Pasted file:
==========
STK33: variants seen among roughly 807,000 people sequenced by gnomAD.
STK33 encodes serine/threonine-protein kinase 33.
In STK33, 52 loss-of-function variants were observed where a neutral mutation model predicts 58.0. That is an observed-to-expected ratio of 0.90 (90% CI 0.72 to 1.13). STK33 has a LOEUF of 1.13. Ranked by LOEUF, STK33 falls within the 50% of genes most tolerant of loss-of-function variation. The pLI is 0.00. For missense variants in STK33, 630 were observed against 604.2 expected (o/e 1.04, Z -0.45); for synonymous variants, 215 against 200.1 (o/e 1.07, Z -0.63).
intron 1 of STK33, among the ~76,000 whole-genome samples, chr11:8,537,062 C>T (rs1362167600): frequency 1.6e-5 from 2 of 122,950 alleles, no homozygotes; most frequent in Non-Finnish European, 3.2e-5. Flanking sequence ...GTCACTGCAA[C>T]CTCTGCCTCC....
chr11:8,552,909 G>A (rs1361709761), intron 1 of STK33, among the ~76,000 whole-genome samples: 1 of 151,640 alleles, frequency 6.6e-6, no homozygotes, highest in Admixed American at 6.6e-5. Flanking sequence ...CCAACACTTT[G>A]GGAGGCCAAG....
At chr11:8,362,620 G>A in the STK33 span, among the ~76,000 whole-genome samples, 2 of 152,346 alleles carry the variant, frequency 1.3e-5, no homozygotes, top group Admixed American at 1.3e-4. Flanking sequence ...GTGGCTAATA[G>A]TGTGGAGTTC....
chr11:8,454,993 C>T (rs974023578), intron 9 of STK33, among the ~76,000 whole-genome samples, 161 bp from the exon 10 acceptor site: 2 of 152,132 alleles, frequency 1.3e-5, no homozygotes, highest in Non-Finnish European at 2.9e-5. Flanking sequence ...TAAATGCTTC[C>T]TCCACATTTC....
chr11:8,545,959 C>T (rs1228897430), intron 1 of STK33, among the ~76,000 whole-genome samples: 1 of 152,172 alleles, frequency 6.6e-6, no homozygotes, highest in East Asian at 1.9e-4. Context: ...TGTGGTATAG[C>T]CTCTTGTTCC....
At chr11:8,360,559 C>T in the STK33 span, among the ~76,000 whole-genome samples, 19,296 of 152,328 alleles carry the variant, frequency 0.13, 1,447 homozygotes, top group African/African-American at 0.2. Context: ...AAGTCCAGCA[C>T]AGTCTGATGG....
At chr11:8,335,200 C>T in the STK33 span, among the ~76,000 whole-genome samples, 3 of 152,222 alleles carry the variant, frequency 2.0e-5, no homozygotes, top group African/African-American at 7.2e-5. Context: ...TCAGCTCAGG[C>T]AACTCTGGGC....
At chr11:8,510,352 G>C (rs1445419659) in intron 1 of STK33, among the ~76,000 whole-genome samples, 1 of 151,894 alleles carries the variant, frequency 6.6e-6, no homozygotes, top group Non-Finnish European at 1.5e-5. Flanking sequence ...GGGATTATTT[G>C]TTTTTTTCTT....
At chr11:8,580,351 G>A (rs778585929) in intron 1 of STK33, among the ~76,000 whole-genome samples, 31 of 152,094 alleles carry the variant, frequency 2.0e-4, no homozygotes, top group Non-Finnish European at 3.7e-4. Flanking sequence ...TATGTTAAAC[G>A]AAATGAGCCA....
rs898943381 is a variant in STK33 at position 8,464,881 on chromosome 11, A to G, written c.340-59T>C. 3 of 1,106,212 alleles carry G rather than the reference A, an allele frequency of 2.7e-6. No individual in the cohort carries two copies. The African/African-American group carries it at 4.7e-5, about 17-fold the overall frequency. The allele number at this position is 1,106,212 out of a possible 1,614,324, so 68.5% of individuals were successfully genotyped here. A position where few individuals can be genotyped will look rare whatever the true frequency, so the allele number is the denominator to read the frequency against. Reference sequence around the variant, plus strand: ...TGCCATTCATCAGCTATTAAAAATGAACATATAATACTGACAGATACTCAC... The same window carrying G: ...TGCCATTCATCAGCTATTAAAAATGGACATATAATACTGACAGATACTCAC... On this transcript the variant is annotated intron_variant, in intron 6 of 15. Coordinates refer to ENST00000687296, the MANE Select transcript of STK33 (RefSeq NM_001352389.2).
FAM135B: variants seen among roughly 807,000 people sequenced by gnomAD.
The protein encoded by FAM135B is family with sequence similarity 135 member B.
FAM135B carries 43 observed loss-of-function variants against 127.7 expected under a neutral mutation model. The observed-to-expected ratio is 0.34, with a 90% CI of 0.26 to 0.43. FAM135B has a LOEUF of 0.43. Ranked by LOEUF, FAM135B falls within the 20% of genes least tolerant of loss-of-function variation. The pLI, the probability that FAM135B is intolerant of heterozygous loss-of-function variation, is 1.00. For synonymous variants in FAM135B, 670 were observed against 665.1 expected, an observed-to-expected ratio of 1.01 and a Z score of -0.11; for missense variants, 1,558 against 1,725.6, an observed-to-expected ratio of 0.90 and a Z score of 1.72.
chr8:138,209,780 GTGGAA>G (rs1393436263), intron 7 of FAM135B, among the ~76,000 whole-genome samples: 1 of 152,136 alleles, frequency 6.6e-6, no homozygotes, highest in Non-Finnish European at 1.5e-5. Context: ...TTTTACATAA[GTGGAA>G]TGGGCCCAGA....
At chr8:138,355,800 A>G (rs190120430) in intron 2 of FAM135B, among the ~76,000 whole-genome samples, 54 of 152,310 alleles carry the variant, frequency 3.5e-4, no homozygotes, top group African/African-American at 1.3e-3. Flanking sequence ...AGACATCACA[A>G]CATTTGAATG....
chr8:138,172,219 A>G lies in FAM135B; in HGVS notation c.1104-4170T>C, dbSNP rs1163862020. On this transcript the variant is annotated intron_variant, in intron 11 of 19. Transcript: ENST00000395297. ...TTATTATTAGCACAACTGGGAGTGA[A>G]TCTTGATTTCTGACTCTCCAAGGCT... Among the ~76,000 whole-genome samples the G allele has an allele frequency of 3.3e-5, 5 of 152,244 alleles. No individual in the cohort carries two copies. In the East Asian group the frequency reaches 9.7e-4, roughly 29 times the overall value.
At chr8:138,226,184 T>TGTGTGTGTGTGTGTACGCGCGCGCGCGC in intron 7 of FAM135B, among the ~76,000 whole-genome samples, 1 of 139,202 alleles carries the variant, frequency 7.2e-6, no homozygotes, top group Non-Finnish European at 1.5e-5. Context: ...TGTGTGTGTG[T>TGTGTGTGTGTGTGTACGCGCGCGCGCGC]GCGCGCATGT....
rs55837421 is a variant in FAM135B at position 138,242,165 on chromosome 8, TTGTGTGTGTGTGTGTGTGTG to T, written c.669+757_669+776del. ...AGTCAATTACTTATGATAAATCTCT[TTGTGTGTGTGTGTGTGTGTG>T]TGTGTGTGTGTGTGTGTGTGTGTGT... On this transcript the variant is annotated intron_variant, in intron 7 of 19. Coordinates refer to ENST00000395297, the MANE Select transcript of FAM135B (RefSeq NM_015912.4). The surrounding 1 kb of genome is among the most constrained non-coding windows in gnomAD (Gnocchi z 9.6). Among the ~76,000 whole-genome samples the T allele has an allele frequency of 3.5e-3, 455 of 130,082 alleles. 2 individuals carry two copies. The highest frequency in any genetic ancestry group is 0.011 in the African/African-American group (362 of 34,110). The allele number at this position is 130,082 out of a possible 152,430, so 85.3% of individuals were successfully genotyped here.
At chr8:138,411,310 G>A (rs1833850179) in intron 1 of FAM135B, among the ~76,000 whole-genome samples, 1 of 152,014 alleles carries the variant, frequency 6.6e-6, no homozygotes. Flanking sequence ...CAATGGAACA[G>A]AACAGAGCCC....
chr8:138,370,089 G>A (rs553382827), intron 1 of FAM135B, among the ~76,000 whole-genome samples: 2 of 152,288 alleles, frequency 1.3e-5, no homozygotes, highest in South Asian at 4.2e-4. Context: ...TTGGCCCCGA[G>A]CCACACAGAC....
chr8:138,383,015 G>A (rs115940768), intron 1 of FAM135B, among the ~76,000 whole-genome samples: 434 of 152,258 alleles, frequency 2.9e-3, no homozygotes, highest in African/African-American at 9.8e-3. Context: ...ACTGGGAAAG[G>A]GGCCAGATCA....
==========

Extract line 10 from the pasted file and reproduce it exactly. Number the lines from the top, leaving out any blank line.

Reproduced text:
At chr11:8,335,200 C>T in the STK33 span, among the ~76,000 whole-genome samples, 3 of 152,222 alleles carry the variant, frequency 2.0e-5, no homozygotes, top group African/African-American at 7.2e-5. Context: ...TCAGCTCAGG[C>T]AACTCTGGGC....